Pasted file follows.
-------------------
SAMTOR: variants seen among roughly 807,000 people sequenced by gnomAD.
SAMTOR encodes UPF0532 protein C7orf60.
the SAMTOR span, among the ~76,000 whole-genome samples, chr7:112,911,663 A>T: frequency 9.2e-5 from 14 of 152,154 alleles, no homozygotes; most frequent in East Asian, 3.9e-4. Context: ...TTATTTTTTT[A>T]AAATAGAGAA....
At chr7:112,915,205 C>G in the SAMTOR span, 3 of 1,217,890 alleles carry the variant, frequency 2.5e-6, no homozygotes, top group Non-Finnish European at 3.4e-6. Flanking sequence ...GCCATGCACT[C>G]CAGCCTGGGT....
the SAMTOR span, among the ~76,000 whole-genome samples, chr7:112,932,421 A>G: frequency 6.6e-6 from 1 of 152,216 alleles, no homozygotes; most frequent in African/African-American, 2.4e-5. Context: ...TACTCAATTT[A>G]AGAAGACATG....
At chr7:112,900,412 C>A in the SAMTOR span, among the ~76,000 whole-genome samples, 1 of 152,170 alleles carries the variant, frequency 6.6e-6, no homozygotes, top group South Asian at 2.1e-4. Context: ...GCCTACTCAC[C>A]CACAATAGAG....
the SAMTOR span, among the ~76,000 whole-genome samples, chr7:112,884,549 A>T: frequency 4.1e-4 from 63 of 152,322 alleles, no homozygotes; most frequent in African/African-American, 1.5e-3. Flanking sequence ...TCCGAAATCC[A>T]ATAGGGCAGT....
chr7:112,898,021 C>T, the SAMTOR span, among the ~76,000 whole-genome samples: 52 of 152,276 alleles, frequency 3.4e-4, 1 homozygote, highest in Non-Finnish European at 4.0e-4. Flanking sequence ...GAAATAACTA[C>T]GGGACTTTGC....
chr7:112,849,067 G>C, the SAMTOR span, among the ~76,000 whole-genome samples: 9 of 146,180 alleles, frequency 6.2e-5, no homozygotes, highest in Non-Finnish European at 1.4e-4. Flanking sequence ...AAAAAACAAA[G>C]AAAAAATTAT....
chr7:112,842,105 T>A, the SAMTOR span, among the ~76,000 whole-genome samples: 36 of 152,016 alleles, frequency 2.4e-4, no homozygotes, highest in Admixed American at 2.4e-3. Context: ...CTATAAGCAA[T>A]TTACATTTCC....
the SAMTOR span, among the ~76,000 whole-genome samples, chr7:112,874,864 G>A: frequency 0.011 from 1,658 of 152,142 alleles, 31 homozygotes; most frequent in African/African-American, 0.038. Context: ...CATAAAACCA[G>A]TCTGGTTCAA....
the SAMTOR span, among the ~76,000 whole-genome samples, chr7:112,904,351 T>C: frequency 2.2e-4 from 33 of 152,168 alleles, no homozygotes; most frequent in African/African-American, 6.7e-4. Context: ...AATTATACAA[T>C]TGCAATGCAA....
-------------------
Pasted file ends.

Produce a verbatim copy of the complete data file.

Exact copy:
SAMTOR: variants seen among roughly 807,000 people sequenced by gnomAD.
SAMTOR encodes UPF0532 protein C7orf60.
the SAMTOR span, among the ~76,000 whole-genome samples, chr7:112,911,663 A>T: frequency 9.2e-5 from 14 of 152,154 alleles, no homozygotes; most frequent in East Asian, 3.9e-4. Context: ...TTATTTTTTT[A>T]AAATAGAGAA....
At chr7:112,915,205 C>G in the SAMTOR span, 3 of 1,217,890 alleles carry the variant, frequency 2.5e-6, no homozygotes, top group Non-Finnish European at 3.4e-6. Flanking sequence ...GCCATGCACT[C>G]CAGCCTGGGT....
the SAMTOR span, among the ~76,000 whole-genome samples, chr7:112,932,421 A>G: frequency 6.6e-6 from 1 of 152,216 alleles, no homozygotes; most frequent in African/African-American, 2.4e-5. Context: ...TACTCAATTT[A>G]AGAAGACATG....
At chr7:112,900,412 C>A in the SAMTOR span, among the ~76,000 whole-genome samples, 1 of 152,170 alleles carries the variant, frequency 6.6e-6, no homozygotes, top group South Asian at 2.1e-4. Context: ...GCCTACTCAC[C>A]CACAATAGAG....
the SAMTOR span, among the ~76,000 whole-genome samples, chr7:112,884,549 A>T: frequency 4.1e-4 from 63 of 152,322 alleles, no homozygotes; most frequent in African/African-American, 1.5e-3. Flanking sequence ...TCCGAAATCC[A>T]ATAGGGCAGT....
chr7:112,898,021 C>T, the SAMTOR span, among the ~76,000 whole-genome samples: 52 of 152,276 alleles, frequency 3.4e-4, 1 homozygote, highest in Non-Finnish European at 4.0e-4. Flanking sequence ...GAAATAACTA[C>T]GGGACTTTGC....
chr7:112,849,067 G>C, the SAMTOR span, among the ~76,000 whole-genome samples: 9 of 146,180 alleles, frequency 6.2e-5, no homozygotes, highest in Non-Finnish European at 1.4e-4. Flanking sequence ...AAAAAACAAA[G>C]AAAAAATTAT....
chr7:112,842,105 T>A, the SAMTOR span, among the ~76,000 whole-genome samples: 36 of 152,016 alleles, frequency 2.4e-4, no homozygotes, highest in Admixed American at 2.4e-3. Context: ...CTATAAGCAA[T>A]TTACATTTCC....
the SAMTOR span, among the ~76,000 whole-genome samples, chr7:112,874,864 G>A: frequency 0.011 from 1,658 of 152,142 alleles, 31 homozygotes; most frequent in African/African-American, 0.038. Context: ...CATAAAACCA[G>A]TCTGGTTCAA....
the SAMTOR span, among the ~76,000 whole-genome samples, chr7:112,904,351 T>C: frequency 2.2e-4 from 33 of 152,168 alleles, no homozygotes; most frequent in African/African-American, 6.7e-4. Context: ...AATTATACAA[T>C]TGCAATGCAA....